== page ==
Instead of being merely seen as a collapse of Communism, the Wende of 1989 ought to be interpreted as a contestation which began as a movement to reform socialism and ended up in a veritable revolution by overthrowing it altogether. Communism did not just crumble from above but was rather overthrown by mass pressure from below. The early stages of the confrontation between the dissidents, restive population and Communist cadres followed the traditional script of mounting unrest in which a broad spectrum of regime critics tried to recapture public space in order to express its frustration more freely. The recovery of an increasing measure of human rights then allowed opposition groups to organize openly and to mount a public challenge. Be­tween September and November 1989 the chanted slogans and written demands escalated in a predictable pattern from calls for free speech to criticism of specific policies to the replacement of the regime as such. The Communist rulers did not abandon their power, but sought to preserve it by authorizing a public dialogue that eventually escaped their control.

The democratic awakening of 1989 deviated from the established pattern of revolutionary bloodshed, however, by remaining nonviolent and ultimately transferring power through negotiations in a process that resembled a pacted transition. Though the protests teetered on the brink of violence initially, the massive security forces did not shoot (except in Romania) since the protesting citizens followed the call of religious leaders to remain non-violent. Because the weakening regime made reluctant concessions such as the opening of the Wall on November 9, the opposition negotiated with the ruling party in a series of Round Tables that maintained public order by opening a channel for the demands for change. Even the emotional confrontations over the dissolution of the secret service, called Stasi in the GDR, remained peaceful, since citizen committees succeeded in occupying its headquarters and sealing the remaining files. Ultimately it was the agreement on free elections which each side could hope to win that allowed the question of power to be decided by the ballot box rather than by violence on the streets.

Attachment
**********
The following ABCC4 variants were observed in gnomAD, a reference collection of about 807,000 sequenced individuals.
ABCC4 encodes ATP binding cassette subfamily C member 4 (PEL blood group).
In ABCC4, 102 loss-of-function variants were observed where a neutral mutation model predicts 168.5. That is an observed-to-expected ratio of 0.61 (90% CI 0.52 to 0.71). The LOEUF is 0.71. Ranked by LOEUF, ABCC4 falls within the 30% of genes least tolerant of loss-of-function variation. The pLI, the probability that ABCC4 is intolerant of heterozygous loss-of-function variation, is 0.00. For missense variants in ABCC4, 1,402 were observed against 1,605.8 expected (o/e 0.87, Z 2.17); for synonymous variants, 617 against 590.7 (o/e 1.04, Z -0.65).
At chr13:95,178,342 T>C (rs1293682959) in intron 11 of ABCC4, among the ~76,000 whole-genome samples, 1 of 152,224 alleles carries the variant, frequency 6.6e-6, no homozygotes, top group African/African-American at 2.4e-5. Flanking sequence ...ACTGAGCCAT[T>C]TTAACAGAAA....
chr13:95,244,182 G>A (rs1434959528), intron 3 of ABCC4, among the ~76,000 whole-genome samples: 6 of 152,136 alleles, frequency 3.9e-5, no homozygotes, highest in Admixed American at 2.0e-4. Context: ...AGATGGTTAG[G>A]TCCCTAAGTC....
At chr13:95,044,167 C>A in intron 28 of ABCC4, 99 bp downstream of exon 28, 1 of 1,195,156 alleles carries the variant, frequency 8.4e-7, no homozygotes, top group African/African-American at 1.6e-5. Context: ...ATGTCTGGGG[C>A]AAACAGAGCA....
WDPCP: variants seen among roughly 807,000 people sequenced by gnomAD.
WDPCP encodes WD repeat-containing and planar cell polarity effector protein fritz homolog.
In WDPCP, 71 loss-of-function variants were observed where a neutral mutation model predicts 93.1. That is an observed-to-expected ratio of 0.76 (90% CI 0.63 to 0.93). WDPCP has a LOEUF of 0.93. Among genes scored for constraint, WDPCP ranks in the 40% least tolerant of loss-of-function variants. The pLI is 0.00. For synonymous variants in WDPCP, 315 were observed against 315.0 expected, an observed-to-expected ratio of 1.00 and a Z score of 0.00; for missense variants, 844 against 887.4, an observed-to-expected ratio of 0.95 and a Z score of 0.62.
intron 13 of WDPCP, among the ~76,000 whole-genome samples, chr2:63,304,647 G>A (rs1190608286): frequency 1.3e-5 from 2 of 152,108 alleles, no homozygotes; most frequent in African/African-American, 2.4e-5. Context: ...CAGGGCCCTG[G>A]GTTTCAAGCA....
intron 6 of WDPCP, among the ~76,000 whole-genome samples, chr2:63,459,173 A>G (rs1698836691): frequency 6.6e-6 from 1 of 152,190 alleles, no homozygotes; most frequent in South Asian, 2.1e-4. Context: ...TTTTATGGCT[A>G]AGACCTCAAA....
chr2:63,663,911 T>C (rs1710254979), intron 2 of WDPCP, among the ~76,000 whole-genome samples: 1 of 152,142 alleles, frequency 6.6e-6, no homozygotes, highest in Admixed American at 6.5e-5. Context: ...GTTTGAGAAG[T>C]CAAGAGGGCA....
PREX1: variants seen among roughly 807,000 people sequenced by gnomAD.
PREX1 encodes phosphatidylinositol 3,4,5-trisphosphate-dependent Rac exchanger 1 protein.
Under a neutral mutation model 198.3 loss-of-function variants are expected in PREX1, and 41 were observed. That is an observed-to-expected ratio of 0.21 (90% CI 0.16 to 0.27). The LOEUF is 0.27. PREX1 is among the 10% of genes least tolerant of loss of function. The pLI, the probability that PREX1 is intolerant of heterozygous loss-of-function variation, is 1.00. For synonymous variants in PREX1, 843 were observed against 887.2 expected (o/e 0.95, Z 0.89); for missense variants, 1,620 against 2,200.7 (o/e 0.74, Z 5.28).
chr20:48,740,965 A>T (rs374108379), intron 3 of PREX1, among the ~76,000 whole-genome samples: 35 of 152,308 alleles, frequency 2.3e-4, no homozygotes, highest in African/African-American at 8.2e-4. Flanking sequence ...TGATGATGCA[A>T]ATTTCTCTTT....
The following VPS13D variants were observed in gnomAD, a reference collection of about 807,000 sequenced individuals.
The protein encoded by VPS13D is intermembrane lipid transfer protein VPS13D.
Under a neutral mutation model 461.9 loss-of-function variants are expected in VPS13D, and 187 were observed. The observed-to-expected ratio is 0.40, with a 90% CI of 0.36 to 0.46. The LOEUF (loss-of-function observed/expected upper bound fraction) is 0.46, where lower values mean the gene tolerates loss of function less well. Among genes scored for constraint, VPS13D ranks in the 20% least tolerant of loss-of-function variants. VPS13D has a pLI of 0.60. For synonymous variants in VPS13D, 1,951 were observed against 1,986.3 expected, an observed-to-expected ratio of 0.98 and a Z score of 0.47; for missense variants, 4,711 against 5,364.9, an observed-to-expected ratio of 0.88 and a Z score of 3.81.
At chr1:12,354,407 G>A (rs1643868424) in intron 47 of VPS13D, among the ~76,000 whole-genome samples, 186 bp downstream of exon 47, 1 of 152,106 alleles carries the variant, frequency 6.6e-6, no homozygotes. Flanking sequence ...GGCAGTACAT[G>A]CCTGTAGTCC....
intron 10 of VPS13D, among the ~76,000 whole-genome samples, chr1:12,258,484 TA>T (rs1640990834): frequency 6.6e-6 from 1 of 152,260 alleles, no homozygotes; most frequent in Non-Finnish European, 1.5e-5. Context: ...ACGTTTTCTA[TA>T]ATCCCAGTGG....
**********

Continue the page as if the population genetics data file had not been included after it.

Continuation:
Another major difference from many prior revolutions was the national impetus which dissolved the Soviet Union, Czechoslovakia and Yugoslavia, but also led to German unification. In the former case, the long suppressed desires for ethno-national independence led to the break-up of the Russian Empire as well as the dissolution of two important Versailles states, thereby largely restoring the map of Brest-Litowsk. In the latter instance, unification provided the most rapid form of transformation into a post-Communist mold, characterized by democratic politics, market-style economics, a Western welfare state and cultural pluralism. The overwhelming vote of East German citizens in March 1990 for rapid unity compelled the last GDR government to sign the unification treaty and to join the Federal Republic in the form of five new states. The two-plus-four negotiations led to international approval for this reordering of Central Europe by getting the Red Army to leave and the Germans to accept the Potsdam frontiers. While the gradual nature of the transition in Poland and Hungary has been called a “refolution,” the quicker protest driven changes in the GDR and Czechoslovakia ought to be considered a real revolution, through the Bulgarian and Rumanian transitions rather resembled palace coups.


Proof of the revolutionary nature of the upheaval is also the thoroughness of the post-Com­mu­nist transformation that left hardly any sphere of life, be it public or private, untouched. The domestic transition from dictatorship to democracy was complicated by the lack of popular experience with parlia­mentary government, the involvement of former Communist cadres and the impor­tation of a functioning democratic system from the FRG in East Germany. The introduction of a market economy turned out to be even more traumatic, since the concurrent adjustment to global competition destroyed much moribund industry and thereby created massive unemployment. Also the social reorientation from state-subsidized egalitarianism and group solidarity to individual responsibility and competitive restratification was not easy. In contrast, intellectuals and the public welcomed the return of cultural pluralism because it increased creative freedom and offered more interesting popular entertainment.